I had never felt so alone; so isolated, so hopeless.
I got the children settled to sleep and I made a choice that night that I was finished.
The next few days were a blur of his hateful and cruel remarks, as he knew I would not take him back; it was truly over. I knew I had to take a stand for myself, and if not me, for my children. They deserved better. I knew I did too, but I could not see it at that time.
It has been five years since we separated. I am resilient, and for that I am grateful.
I am still an optimist, and I still see the beauty in everyone. I take pause now, though, and I evaluate situations more carefully. My trust takes much more time to be earned now than it did eight years ago when I fell in love too fast, without knowing the real person behind the charming facade.
Many people, including my parents, were disappointed in my failed marriage. Many sent prayers that it would be healed. For a long while, I felt like a failure.
I have come to realize there is no shame in ‘failing’ in a marriage, especially if that marriage is toxic and harmful to your soul. I appreciate those thoughts and well-intended prayers, but at the end of the day, an abusive person who is not willing to self-reflect is not likely to change. The best thing to do at that point is to extricate yourself while you have the strength to do so.
Recovering from trauma takes time. It has taken a lot of courage to look at my vulnerabilities and why I attracted such a relationship in the first place. This doesn’t mean I blamed myself. I just recognized that I had a strong need to feel loved and accepted, even if I was in an unhealthy situation, because I never felt loved and accepted as a child.
It’s taken half a lifetime, but I’ve finally learned that everything I need is inside myself. I am complete on my own.
Still, I have to work almost daily at forgiving, acting with grace, and ensuring that I am not compromising my needs or my right to be treated with dignity and respect in order to make him happy. I am still learning to stand my ground and expect respectful treatment, when it comes to co-parenting.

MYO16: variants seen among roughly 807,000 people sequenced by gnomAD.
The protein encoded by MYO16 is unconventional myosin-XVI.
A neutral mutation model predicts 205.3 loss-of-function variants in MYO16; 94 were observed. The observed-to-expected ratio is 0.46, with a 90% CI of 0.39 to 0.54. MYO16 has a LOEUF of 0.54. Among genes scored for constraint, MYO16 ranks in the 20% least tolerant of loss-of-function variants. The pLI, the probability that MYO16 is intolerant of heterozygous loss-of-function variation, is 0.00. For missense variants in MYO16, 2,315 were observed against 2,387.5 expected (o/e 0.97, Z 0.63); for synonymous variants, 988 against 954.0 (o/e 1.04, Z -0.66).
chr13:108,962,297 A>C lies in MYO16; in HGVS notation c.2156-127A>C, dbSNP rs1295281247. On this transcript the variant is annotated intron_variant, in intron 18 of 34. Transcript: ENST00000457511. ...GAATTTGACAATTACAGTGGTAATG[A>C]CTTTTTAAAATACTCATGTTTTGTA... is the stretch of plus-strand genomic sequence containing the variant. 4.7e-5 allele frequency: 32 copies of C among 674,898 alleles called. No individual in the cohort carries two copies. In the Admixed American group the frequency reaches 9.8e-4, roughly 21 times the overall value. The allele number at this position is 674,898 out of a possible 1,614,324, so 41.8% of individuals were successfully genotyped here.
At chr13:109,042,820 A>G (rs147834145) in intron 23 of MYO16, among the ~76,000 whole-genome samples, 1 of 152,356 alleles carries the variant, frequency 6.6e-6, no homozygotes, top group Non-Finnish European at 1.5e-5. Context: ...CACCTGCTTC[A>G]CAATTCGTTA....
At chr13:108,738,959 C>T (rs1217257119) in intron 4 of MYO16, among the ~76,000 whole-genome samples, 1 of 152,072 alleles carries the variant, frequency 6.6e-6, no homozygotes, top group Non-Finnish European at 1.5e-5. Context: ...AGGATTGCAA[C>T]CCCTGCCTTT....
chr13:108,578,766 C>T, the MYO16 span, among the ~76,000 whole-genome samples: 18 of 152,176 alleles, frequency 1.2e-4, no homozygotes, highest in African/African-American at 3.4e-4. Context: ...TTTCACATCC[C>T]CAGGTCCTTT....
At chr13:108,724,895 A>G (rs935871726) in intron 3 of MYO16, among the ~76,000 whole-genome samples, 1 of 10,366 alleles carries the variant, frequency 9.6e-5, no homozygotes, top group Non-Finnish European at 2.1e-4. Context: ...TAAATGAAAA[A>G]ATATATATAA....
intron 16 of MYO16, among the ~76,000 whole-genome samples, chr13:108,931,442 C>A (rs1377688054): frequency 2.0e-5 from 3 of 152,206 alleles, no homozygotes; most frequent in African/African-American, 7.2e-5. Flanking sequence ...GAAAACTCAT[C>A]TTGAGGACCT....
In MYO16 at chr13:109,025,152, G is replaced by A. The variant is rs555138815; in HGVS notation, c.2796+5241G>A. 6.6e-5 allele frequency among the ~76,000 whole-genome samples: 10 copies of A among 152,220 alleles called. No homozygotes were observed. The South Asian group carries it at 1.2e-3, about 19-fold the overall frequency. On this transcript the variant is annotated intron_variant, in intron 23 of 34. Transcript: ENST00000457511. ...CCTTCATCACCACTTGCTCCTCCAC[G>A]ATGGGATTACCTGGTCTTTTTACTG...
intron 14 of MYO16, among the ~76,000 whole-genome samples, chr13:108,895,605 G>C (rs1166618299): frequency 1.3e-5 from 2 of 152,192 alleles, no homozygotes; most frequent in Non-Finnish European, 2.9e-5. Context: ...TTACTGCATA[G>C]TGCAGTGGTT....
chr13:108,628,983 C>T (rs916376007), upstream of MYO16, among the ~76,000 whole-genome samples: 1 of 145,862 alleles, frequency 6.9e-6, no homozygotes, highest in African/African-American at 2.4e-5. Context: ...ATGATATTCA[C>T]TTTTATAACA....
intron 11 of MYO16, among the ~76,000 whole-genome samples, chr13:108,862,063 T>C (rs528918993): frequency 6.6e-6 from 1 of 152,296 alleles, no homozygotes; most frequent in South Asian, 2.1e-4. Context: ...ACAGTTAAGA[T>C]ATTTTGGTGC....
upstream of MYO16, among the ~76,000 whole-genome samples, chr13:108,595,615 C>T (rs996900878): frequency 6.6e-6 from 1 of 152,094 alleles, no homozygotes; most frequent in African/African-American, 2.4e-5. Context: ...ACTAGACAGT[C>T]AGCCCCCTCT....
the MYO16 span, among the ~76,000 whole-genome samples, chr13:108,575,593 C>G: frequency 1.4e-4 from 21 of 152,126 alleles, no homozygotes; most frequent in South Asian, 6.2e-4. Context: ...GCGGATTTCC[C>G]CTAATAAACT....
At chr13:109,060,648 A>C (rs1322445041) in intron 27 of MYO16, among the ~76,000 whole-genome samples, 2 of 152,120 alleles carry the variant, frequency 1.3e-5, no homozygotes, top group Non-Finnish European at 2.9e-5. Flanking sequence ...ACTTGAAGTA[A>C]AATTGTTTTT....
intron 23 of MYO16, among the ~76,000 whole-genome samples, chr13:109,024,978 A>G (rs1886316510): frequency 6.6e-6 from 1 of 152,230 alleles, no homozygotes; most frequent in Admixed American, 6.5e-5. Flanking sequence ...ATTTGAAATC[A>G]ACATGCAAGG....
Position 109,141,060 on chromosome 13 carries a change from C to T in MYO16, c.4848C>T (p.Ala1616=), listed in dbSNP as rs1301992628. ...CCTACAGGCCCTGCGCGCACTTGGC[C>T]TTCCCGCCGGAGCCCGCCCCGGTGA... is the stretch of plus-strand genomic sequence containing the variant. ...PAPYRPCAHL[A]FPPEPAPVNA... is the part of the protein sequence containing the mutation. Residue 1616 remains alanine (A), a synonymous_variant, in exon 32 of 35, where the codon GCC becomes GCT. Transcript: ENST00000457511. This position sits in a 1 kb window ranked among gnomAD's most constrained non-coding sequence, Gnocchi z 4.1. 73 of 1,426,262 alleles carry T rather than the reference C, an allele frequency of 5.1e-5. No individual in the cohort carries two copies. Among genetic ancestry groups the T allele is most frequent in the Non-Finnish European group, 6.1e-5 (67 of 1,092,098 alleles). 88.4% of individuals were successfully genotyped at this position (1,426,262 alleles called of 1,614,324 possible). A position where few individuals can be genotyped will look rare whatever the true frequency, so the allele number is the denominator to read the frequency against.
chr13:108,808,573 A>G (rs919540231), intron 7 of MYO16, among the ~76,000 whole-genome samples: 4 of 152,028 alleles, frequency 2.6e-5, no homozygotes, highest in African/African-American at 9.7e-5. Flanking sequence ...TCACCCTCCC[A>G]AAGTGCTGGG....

I will forever be grateful to the supportive network of family, friends, and a counsellor who saw me through that incredibly rough time. A broken heart, shattered self-esteem, and deep postpartum depression did not disappear overnight.
With the bravery it takes to self-reflect and learn from what appears to be a very unfortunate circumstance, comes unparalleled growth. The self-forgiveness opens up opportunities for deeper self-love and self-compassion, and a much deeper understanding of my own humanness and how my past shaped me.
But with time, self-love, self-forgiveness, and self-acceptance, I am a stronger and more empowered person today in spite of that experience. I am a phoenix, transformed by the fire. I will continue to see the beauty and unlimited potential in people, and I still choose to see the glass as half full. I do daily forgiveness work for myself and choose to move forward with love and grace, honouring my journey and my experience for what I have learned.
About the Author
Angela is a registered nurse, colon hydrotherapist, health coach, Level 2 certified iridologist, and cellular detoxification and regeneration specialist. She is passionate about helping people heal themselves by tapping into their innate ability to do so by supporting the body with nutritious foods and effective cleansing methods. You can find her on Facebook here and Instagram here.
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READ MORE: Ending My Toxic Relationship with My Mother Was an Act of Self-Love
Read more on Toxic Relationships: Sick of Toxic Relationships? Love Yourself Enough To Walk Away